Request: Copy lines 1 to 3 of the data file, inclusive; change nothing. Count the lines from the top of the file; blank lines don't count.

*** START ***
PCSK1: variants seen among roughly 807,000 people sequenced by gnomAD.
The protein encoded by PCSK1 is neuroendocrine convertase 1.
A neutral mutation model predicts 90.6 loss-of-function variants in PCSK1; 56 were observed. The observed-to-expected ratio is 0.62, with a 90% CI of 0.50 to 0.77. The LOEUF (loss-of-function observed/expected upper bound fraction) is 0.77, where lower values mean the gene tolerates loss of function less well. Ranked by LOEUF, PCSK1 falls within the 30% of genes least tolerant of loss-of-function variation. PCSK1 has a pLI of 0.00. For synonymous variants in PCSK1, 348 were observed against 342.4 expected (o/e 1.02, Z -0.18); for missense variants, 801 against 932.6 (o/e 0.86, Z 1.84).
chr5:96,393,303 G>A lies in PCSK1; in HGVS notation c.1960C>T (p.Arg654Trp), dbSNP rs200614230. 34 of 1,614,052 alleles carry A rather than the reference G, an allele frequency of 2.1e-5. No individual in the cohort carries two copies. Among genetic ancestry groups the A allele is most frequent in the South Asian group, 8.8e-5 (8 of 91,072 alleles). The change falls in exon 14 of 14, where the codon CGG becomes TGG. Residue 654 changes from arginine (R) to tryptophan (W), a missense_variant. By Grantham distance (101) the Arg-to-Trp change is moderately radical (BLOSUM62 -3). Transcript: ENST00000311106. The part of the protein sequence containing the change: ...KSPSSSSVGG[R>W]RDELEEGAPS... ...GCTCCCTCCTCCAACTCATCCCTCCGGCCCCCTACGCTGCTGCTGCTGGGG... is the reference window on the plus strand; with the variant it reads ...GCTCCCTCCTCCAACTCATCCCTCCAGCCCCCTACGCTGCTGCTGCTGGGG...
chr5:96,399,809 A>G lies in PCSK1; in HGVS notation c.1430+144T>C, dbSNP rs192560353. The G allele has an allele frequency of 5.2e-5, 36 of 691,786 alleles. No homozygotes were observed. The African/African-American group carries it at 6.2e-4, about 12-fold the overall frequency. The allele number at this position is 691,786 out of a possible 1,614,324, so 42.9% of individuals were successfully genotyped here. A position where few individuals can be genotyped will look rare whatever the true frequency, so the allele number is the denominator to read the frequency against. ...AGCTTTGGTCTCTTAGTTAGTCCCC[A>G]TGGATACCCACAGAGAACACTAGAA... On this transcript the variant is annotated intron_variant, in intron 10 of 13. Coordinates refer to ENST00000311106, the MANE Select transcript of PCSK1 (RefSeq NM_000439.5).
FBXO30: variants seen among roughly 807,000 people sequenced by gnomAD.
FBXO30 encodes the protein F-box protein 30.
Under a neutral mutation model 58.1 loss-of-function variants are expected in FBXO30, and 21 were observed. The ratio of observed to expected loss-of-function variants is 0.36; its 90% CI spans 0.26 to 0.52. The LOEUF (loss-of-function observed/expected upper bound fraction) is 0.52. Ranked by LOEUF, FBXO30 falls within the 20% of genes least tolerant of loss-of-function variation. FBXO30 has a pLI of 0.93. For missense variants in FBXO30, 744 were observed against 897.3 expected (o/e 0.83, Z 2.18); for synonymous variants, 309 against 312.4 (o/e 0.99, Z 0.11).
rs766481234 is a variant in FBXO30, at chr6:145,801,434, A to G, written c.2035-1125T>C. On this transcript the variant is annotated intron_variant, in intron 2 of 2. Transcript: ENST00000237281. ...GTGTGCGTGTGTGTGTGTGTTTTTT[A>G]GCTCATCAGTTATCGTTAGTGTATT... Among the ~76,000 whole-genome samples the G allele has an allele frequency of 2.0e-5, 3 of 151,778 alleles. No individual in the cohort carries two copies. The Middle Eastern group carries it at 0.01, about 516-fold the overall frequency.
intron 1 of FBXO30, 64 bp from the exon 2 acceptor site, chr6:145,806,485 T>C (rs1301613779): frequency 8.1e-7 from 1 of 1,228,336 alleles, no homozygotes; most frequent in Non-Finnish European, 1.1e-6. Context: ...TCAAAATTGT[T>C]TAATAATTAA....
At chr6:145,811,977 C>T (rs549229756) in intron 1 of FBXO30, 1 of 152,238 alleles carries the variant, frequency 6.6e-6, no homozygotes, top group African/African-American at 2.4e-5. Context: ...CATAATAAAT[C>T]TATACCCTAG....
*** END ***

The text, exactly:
PCSK1: variants seen among roughly 807,000 people sequenced by gnomAD.
The protein encoded by PCSK1 is neuroendocrine convertase 1.
A neutral mutation model predicts 90.6 loss-of-function variants in PCSK1; 56 were observed. The observed-to-expected ratio is 0.62, with a 90% CI of 0.50 to 0.77. The LOEUF (loss-of-function observed/expected upper bound fraction) is 0.77, where lower values mean the gene tolerates loss of function less well. Ranked by LOEUF, PCSK1 falls within the 30% of genes least tolerant of loss-of-function variation. PCSK1 has a pLI of 0.00. For synonymous variants in PCSK1, 348 were observed against 342.4 expected (o/e 1.02, Z -0.18); for missense variants, 801 against 932.6 (o/e 0.86, Z 1.84).